Short-term rates heading higher at a rapid pace.
The [tag]Federal Reserve Bank[/tag] has continued what it began two years ago: raising the cost of borrowing. While long-term, [tag]fixed-rate mortgages[/tag] including the 15- and 30-year mortgages â€” the industry standards â€” aren’t tied directly to the Fed’s rate increases, that’s not the case with short-term mortgages, which typically move in lock-step with the Fed fund rate.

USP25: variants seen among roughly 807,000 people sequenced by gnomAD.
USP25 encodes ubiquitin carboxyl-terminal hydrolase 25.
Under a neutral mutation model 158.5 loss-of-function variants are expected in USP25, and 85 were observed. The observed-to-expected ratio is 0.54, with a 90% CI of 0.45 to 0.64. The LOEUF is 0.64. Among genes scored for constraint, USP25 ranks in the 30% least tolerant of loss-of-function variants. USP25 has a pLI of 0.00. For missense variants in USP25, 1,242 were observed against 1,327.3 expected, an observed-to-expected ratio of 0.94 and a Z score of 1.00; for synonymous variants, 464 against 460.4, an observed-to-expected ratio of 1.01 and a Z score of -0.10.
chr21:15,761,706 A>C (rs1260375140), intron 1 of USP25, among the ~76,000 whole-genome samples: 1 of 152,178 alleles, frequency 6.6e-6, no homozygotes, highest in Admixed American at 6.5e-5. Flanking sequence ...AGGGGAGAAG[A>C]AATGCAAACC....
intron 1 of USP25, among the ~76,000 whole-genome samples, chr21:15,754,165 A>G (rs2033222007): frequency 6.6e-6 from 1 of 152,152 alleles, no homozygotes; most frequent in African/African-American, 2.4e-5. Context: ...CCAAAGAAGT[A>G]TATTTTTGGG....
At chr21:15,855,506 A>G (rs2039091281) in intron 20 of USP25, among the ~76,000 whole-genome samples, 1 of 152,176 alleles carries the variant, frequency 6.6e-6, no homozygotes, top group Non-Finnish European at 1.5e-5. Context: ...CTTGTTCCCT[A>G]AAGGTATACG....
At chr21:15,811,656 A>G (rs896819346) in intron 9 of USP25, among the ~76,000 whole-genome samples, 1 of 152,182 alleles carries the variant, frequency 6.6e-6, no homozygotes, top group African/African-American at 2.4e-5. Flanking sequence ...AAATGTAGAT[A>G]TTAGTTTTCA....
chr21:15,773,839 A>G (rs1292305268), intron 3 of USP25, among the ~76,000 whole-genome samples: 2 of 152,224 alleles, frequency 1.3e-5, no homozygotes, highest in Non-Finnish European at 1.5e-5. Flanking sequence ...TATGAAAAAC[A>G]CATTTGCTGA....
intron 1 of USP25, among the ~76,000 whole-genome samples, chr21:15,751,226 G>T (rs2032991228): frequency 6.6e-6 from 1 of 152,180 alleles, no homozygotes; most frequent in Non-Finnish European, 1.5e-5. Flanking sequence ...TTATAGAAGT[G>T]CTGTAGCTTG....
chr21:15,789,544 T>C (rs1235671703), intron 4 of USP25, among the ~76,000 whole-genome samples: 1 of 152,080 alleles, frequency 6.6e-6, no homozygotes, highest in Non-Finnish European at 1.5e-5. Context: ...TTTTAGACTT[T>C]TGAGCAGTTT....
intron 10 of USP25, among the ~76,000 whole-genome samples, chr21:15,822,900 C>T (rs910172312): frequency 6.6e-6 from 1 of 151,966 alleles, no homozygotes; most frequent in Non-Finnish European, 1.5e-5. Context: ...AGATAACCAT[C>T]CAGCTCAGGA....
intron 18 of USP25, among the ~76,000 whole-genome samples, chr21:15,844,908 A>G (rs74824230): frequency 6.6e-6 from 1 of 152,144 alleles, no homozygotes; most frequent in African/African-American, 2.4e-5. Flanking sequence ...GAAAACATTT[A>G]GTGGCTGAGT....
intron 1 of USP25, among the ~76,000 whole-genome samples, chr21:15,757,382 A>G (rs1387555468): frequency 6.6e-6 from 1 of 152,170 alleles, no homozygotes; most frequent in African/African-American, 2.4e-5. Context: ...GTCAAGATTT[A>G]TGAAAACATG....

Two years ago, “there were multiple bids and people were offering far above the asking price,” said mortgage lender Clifford Morse, branch manager for American Home Mortgage in Chaska, Minn. “Some were stretching to the edge of what they could afford.” Borrowers took full advantage of low rates and attractive terms by buying bigger houses, refinancing consumer debt into their mortgages and buying second and third houses, in some cases. As a result, home prices rose double-digit in some areas. In the Twin Cities metro area, for example, home prices rose an average of 53 percent during the past five years.